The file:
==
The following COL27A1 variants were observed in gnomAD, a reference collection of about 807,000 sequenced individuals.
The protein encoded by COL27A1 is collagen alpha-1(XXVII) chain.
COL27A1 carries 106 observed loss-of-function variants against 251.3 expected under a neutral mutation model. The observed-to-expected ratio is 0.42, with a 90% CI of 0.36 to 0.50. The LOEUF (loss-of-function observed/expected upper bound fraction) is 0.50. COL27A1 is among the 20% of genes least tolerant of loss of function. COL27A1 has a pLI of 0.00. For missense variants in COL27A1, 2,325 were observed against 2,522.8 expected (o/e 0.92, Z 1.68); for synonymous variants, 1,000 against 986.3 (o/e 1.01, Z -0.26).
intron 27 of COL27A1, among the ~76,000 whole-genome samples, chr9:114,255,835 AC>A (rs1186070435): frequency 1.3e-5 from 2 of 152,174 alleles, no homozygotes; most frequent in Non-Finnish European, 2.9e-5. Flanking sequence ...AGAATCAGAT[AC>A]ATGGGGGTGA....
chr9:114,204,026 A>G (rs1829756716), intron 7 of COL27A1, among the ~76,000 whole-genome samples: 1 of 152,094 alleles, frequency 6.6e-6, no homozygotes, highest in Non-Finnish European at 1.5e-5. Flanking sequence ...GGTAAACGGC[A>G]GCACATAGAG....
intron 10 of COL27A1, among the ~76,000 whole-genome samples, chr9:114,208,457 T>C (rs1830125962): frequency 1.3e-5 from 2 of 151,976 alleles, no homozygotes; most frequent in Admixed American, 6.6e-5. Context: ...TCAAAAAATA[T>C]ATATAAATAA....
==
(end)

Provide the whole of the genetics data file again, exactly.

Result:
The following COL27A1 variants were observed in gnomAD, a reference collection of about 807,000 sequenced individuals.
The protein encoded by COL27A1 is collagen alpha-1(XXVII) chain.
COL27A1 carries 106 observed loss-of-function variants against 251.3 expected under a neutral mutation model. The observed-to-expected ratio is 0.42, with a 90% CI of 0.36 to 0.50. The LOEUF (loss-of-function observed/expected upper bound fraction) is 0.50. COL27A1 is among the 20% of genes least tolerant of loss of function. COL27A1 has a pLI of 0.00. For missense variants in COL27A1, 2,325 were observed against 2,522.8 expected (o/e 0.92, Z 1.68); for synonymous variants, 1,000 against 986.3 (o/e 1.01, Z -0.26).
intron 27 of COL27A1, among the ~76,000 whole-genome samples, chr9:114,255,835 AC>A (rs1186070435): frequency 1.3e-5 from 2 of 152,174 alleles, no homozygotes; most frequent in Non-Finnish European, 2.9e-5. Flanking sequence ...AGAATCAGAT[AC>A]ATGGGGGTGA....
chr9:114,204,026 A>G (rs1829756716), intron 7 of COL27A1, among the ~76,000 whole-genome samples: 1 of 152,094 alleles, frequency 6.6e-6, no homozygotes, highest in Non-Finnish European at 1.5e-5. Flanking sequence ...GGTAAACGGC[A>G]GCACATAGAG....
intron 10 of COL27A1, among the ~76,000 whole-genome samples, chr9:114,208,457 T>C (rs1830125962): frequency 1.3e-5 from 2 of 151,976 alleles, no homozygotes; most frequent in Admixed American, 6.6e-5. Context: ...TCAAAAAATA[T>C]ATATAAATAA....